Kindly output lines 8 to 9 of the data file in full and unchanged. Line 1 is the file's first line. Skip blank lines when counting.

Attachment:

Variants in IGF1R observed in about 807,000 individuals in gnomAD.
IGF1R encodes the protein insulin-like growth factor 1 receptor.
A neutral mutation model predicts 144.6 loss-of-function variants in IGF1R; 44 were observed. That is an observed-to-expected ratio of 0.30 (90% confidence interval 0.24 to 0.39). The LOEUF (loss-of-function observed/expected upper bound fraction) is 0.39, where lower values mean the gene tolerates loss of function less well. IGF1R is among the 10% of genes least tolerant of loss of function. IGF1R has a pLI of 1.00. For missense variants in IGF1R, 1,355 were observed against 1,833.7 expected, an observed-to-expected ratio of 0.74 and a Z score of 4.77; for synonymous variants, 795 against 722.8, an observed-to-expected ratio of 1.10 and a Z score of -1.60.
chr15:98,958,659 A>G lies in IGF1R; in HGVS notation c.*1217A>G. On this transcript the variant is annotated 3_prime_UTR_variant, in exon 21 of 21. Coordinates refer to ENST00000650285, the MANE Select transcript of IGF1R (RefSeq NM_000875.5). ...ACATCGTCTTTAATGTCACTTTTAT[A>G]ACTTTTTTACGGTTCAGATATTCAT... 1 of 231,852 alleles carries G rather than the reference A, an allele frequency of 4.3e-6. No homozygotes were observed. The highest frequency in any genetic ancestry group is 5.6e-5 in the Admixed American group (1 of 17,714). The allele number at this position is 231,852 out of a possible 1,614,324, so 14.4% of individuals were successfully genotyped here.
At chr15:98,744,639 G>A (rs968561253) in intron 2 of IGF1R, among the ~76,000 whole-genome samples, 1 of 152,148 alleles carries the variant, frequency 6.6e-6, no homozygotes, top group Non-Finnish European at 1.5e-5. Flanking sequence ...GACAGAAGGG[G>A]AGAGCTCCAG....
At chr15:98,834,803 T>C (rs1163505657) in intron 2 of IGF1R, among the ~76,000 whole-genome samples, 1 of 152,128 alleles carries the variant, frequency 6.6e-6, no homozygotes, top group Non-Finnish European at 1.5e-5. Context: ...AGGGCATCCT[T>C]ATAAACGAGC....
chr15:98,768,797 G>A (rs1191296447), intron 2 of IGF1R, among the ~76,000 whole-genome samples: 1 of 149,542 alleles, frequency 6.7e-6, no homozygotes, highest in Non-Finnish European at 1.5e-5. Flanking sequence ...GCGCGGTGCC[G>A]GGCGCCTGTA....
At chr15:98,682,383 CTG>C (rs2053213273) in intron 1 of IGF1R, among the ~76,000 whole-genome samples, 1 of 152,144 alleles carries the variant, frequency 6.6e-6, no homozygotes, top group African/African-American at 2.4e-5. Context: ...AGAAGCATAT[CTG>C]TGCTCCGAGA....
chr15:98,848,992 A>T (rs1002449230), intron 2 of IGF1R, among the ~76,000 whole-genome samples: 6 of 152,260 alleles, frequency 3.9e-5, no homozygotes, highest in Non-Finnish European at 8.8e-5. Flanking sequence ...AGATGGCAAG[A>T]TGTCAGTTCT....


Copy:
At chr15:98,682,383 CTG>C (rs2053213273) in intron 1 of IGF1R, among the ~76,000 whole-genome samples, 1 of 152,144 alleles carries the variant, frequency 6.6e-6, no homozygotes, top group African/African-American at 2.4e-5. Context: ...AGAAGCATAT[CTG>C]TGCTCCGAGA....
chr15:98,848,992 A>T (rs1002449230), intron 2 of IGF1R, among the ~76,000 whole-genome samples: 6 of 152,260 alleles, frequency 3.9e-5, no homozygotes, highest in Non-Finnish European at 8.8e-5. Flanking sequence ...AGATGGCAAG[A>T]TGTCAGTTCT....